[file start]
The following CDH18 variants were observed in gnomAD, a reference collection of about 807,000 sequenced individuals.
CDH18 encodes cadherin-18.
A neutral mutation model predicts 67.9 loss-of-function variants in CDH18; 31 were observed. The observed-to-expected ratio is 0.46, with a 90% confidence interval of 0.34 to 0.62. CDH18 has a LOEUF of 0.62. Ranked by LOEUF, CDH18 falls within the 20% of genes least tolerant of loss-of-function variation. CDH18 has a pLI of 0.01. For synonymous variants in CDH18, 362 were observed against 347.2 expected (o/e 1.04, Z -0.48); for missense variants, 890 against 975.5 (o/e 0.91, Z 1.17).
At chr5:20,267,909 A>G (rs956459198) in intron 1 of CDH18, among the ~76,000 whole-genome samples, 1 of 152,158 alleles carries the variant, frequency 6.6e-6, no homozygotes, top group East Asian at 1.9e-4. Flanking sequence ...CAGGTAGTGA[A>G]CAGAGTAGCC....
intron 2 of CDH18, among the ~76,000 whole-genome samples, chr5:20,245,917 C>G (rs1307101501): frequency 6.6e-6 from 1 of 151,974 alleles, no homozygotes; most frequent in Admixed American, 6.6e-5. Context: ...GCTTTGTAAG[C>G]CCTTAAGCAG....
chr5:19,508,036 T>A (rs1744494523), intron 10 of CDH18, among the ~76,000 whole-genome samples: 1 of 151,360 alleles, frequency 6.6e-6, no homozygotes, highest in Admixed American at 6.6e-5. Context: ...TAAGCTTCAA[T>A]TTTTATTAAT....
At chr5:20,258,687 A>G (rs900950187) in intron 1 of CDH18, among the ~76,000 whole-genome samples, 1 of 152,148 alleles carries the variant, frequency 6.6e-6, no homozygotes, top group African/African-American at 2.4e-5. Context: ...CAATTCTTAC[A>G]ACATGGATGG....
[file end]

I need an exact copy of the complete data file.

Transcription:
The following CDH18 variants were observed in gnomAD, a reference collection of about 807,000 sequenced individuals.
CDH18 encodes cadherin-18.
A neutral mutation model predicts 67.9 loss-of-function variants in CDH18; 31 were observed. The observed-to-expected ratio is 0.46, with a 90% confidence interval of 0.34 to 0.62. CDH18 has a LOEUF of 0.62. Ranked by LOEUF, CDH18 falls within the 20% of genes least tolerant of loss-of-function variation. CDH18 has a pLI of 0.01. For synonymous variants in CDH18, 362 were observed against 347.2 expected (o/e 1.04, Z -0.48); for missense variants, 890 against 975.5 (o/e 0.91, Z 1.17).
At chr5:20,267,909 A>G (rs956459198) in intron 1 of CDH18, among the ~76,000 whole-genome samples, 1 of 152,158 alleles carries the variant, frequency 6.6e-6, no homozygotes, top group East Asian at 1.9e-4. Flanking sequence ...CAGGTAGTGA[A>G]CAGAGTAGCC....
intron 2 of CDH18, among the ~76,000 whole-genome samples, chr5:20,245,917 C>G (rs1307101501): frequency 6.6e-6 from 1 of 151,974 alleles, no homozygotes; most frequent in Admixed American, 6.6e-5. Context: ...GCTTTGTAAG[C>G]CCTTAAGCAG....
chr5:19,508,036 T>A (rs1744494523), intron 10 of CDH18, among the ~76,000 whole-genome samples: 1 of 151,360 alleles, frequency 6.6e-6, no homozygotes, highest in Admixed American at 6.6e-5. Context: ...TAAGCTTCAA[T>A]TTTTATTAAT....
At chr5:20,258,687 A>G (rs900950187) in intron 1 of CDH18, among the ~76,000 whole-genome samples, 1 of 152,148 alleles carries the variant, frequency 6.6e-6, no homozygotes, top group African/African-American at 2.4e-5. Context: ...CAATTCTTAC[A>G]ACATGGATGG....